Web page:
Once this care plan has been created, they will be there every step of the way to help you set goals, evaluate progress, improve and tailor the plan as you go through the process and make sure your emotional wellbeing is happy and healthy.

Here are some of the ways a case manager can help you overcome the symptoms of a brain injury oe mental illness:

Talking Therapy

This can include therapy such as counselling, cognitive behavioural therapy, behavioural action or mindfulness-based therapies.

It allows people to discuss their thoughts and feelings in a safe space. When discussing these issues, the therapist can give you the tools to address these negative thoughts and feelings or find an effective way of coping with them.


Speech Therapy

Speech therapy is a way to assess and treat problems with communication, speech or language. It can also be used for those who need support with eating, drinking or swallowing.

There are many methods a therapist can use to address a speech disorder or issue with communication for children and adults.


Occupational Therapy

Occupational therapy can be used for a wide range of conditions, including those who have difficulties due to a mental illness or physical disabilities due to a brain injury.

An occupational therapist will help you develop the skills to take part in everyday tasks that are important to you. They work with you to build the future you want and improve emotional wellbeing by providing the right support and care.

Methods of this therapy could include developing new ways to approach everyday tasks, recommendations for the best supporting technical equipment and improving the ability to live independently.



Neuropsychology centres around the understanding of how medical conditions linked with the brain affect the psychology, cognitive skills, behavioural skills and emotional wellbeing of a person.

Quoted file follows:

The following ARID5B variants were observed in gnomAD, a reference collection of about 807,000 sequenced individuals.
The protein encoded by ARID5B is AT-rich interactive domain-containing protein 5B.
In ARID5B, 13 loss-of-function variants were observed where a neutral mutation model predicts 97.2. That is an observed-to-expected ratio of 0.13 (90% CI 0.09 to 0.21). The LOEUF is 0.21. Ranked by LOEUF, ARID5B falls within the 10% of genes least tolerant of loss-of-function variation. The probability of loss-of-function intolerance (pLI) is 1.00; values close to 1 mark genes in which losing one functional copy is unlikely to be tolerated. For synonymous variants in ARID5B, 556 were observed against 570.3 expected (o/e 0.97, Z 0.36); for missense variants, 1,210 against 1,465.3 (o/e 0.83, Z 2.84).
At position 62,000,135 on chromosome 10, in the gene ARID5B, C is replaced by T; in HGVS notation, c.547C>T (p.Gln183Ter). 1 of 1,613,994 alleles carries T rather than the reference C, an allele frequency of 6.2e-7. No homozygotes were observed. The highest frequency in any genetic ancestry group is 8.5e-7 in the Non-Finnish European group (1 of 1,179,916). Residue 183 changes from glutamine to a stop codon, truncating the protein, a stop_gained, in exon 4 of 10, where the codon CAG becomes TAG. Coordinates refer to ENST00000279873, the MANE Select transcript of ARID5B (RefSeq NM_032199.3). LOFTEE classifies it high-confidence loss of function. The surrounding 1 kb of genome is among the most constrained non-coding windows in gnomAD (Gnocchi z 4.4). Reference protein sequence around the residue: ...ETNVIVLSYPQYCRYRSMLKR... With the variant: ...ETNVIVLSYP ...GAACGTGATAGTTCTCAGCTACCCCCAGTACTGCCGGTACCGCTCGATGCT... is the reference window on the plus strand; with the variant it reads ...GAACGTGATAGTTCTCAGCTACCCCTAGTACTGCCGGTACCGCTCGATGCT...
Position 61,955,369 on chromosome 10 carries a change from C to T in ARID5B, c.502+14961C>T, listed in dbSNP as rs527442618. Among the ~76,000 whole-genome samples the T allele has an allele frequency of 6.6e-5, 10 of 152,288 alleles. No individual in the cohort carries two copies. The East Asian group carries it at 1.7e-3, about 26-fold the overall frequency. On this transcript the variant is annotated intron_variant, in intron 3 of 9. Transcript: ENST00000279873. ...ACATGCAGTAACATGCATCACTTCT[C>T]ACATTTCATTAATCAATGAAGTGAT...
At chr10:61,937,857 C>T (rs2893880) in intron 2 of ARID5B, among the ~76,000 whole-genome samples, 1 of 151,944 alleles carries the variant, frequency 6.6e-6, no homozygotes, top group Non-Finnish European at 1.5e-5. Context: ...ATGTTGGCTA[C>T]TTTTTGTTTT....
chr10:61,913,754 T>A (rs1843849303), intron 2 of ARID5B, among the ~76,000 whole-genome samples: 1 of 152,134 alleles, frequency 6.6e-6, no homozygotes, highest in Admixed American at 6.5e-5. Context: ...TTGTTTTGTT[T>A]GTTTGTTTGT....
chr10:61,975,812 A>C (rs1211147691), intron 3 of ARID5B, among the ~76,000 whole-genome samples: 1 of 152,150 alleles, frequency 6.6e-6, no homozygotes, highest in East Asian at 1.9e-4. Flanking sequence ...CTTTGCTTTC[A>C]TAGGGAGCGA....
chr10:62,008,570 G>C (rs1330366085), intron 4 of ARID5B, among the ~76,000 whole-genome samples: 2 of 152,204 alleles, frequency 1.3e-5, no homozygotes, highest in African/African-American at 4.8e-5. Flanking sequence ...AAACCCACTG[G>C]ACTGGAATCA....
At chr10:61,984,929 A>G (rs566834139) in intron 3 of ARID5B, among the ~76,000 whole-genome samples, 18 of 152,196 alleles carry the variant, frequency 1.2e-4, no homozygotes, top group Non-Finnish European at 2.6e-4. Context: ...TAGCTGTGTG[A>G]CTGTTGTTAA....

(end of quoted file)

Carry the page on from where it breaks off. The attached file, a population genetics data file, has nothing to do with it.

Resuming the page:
It relates the brain psychology to its own structure, comparing the two and researching how they affect one another.

A neuropsychologist will recommend treatment and rehabilitation for brain injury related conditions or psychiatric disorders.


The importance of setting goals for your injury and mental wellbeing…

Whether you’re living with a mental illness, brain injury or both conditions, setting goals is a productive way to manage your rehabilitation and take control of your recovery.

A case manager will work with you to create suitable goals that will not only aid, but also give you direction in your recovery.

They are a constructive way to regularly analyse your recovery and discuss which parts of your rehabilitation are having a positive impact and which need improving on.

Here are things to think about when setting goals for rehabilitation:

  1. What do I want to improve? Examples of this could be your employability, physical health, relationships or management of mental health.
  2. Why do I want to achieve these goals? Especially in the early stages of rehabilitation, it is important to focus on goals that are going to improve your emotional wellbeing and physical health, rather than working on goals simply to please someone else.
  3. How am I going to achieve these goals? Setting unachievable goals can be counter-productive to recovery, so at first try setting goals that you know are achievable.
  4. How am I going to measure these goals? When setting goals, think about how you are going to measure the success of them. For example ‘Improve physical health’ is good, but a little vague. To measure this, you could set a goal as ‘Be able to walk into the local village without a walking aid’.
  5. How am I going to manage these goals? As important as it is to set goals, it is just as important to decide how you will manage them. Talking about them is the first step, but it is then a useful idea to write them down somewhere, perhaps a journal, so you can keep track of your progress.


Getting a diagnosis and the next steps to reaching your milestones…

If you suspect you or a loved one are suffering with a brain injury or mental illness, its important to reach out to and seek professional support.

Get in touch today to seek advice regarding a brain injury. For support with a mental illness, speak to your local GP or head to mind.org.uk for useful advice.